Now, I do not actually darken blue skies. Doing only B&W, I get the problem when I use yellow, orange and red filtering. But I dont have the problem if I do the filtering in Silver Efex Pro.
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Stéphane

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Tim Lookingbill
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« Reply #44 on: August 16, 2013, 02:28:08 PM »
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Quote
I say it is a flaw in ACR/LR because every single time I tried a picture with that problem in another RAW converter, it only appeared in ACR/LR.

Then it is a flaw only with your images AND ACR/LR, not with everyone else.

From what I'm observing and to be more specific in an attempt to deal with all possible variables as to the cause, I would say this most likely has something to do with a combination of lens, angle of light to lens, camera brand/model, sensor type/manufacturer and the information Adobe has access to in order to mitigate this type of aberration within their specific demosaic algorithm and other pre-preview adjustments.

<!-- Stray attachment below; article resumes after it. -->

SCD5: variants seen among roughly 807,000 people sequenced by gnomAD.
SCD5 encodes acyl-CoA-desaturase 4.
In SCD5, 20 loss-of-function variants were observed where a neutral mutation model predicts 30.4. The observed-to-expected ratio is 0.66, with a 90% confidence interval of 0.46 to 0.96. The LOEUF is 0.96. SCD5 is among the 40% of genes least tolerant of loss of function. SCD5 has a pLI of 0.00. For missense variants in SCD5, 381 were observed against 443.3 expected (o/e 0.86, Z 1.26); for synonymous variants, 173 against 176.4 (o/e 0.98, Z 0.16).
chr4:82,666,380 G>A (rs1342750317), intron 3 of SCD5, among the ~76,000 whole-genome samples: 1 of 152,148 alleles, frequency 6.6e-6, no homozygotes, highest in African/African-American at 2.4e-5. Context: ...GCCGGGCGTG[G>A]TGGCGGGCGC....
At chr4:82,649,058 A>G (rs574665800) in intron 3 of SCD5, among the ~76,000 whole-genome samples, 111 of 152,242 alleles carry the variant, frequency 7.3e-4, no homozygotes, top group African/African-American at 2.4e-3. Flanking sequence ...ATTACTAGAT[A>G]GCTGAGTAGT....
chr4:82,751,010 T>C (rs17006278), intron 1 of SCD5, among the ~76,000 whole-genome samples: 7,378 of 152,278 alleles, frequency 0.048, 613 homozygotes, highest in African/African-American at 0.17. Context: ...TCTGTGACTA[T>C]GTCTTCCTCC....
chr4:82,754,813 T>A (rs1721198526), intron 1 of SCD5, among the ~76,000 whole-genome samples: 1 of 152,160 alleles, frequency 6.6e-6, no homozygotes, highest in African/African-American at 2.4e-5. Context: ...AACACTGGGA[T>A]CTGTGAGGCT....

To say it is a flaw caused only by ACR/LR isn't being very accurate or fair to Adobe engineers. I don't experience this halo on my 6MP Pentax DSLR with my kit lens, but I do on a few of my old film legacy lenses that Adobe has no clue about. My digital lens has electronics that communicate with my camera and its relationship with its sensor and the resultant data processed through the A/D converter that delivers the Raw data for Adobe to create default previews.